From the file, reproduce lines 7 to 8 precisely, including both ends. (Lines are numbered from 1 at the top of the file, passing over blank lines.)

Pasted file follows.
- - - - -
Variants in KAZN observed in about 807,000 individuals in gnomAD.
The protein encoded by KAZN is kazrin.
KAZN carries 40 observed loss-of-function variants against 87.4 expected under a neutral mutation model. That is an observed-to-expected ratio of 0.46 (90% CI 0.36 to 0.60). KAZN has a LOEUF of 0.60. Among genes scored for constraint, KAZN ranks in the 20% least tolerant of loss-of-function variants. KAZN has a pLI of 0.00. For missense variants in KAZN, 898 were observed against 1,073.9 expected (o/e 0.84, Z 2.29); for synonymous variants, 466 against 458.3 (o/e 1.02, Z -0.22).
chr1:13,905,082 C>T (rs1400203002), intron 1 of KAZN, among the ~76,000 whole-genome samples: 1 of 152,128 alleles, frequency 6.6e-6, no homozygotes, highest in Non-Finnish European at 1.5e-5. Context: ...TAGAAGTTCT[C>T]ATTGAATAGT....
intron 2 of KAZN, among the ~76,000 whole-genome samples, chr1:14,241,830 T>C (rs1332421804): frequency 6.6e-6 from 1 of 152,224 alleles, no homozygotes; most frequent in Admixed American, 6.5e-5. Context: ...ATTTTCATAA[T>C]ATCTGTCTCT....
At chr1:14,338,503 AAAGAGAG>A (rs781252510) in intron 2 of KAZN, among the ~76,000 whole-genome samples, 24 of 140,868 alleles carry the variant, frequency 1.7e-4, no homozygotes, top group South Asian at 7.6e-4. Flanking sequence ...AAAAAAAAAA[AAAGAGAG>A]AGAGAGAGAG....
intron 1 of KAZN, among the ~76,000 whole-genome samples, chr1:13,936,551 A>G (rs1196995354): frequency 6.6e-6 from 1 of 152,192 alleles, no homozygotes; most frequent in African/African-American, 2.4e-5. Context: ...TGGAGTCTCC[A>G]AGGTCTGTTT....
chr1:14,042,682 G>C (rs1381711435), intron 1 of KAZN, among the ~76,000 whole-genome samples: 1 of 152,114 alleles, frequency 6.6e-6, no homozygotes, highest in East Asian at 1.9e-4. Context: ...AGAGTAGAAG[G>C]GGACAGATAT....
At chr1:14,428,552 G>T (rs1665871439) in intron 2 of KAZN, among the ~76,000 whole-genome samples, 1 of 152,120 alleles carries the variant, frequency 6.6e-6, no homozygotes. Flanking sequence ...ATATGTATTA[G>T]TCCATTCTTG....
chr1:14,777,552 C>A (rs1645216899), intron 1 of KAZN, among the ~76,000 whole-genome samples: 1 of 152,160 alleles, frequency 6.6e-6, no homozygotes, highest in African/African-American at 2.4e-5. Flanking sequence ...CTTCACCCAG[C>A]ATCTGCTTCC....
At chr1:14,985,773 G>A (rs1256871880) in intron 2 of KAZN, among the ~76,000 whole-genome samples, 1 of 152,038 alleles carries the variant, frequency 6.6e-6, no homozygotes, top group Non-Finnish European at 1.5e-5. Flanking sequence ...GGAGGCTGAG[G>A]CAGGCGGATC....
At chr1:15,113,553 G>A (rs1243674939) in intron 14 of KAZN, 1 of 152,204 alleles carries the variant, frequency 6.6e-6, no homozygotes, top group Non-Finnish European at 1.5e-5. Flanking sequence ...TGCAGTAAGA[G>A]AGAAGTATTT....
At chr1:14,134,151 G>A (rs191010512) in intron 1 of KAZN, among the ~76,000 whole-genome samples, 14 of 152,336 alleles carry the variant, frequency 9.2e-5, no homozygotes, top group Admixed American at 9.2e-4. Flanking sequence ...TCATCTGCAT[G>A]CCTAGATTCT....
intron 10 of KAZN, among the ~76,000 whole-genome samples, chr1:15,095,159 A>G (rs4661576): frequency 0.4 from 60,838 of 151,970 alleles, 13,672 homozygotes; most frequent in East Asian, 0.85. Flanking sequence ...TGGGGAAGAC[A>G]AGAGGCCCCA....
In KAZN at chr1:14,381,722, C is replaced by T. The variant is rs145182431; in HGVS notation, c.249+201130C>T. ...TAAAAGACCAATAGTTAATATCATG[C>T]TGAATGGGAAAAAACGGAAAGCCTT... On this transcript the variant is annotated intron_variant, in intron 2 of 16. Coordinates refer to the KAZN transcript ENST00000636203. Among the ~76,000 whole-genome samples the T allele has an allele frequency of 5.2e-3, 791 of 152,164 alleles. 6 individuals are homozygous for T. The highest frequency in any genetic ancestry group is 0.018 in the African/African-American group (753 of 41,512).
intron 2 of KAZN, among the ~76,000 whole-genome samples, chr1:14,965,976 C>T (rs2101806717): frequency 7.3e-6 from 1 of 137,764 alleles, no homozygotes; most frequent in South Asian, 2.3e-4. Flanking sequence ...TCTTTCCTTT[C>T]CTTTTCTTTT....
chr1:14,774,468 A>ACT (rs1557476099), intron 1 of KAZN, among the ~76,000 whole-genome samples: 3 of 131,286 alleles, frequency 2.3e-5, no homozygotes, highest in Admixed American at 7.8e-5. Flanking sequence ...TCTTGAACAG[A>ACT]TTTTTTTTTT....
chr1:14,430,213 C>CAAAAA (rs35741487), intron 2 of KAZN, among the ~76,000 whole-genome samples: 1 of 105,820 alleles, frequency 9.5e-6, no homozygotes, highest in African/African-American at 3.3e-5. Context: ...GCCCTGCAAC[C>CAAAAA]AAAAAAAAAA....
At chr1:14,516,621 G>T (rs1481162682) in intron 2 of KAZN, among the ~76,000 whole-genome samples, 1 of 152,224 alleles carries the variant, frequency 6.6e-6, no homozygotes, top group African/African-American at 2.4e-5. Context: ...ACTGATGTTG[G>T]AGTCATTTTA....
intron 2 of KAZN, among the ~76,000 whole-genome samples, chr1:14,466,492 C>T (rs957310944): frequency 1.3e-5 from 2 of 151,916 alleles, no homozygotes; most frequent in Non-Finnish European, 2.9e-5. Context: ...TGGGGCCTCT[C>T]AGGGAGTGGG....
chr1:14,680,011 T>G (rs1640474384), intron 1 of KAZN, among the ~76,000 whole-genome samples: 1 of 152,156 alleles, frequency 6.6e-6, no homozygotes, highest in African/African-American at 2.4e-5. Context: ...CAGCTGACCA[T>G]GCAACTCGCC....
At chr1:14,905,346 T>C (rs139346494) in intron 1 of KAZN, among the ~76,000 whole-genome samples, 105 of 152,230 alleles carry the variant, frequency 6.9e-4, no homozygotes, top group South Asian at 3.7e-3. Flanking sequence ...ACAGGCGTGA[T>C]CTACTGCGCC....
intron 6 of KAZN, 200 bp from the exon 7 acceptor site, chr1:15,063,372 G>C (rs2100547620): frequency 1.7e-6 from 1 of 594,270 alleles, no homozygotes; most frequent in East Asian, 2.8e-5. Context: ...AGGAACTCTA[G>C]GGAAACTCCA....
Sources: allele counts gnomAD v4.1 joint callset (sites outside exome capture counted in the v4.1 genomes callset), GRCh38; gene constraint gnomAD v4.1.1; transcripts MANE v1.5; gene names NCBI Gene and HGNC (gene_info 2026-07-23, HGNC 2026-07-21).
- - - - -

intron 1 of KAZN, among the ~76,000 whole-genome samples, chr1:13,936,551 A>G (rs1196995354): frequency 6.6e-6 from 1 of 152,192 alleles, no homozygotes; most frequent in African/African-American, 2.4e-5. Context: ...TGGAGTCTCC[A>G]AGGTCTGTTT....
chr1:14,042,682 G>C (rs1381711435), intron 1 of KAZN, among the ~76,000 whole-genome samples: 1 of 152,114 alleles, frequency 6.6e-6, no homozygotes, highest in East Asian at 1.9e-4. Context: ...AGAGTAGAAG[G>C]GGACAGATAT....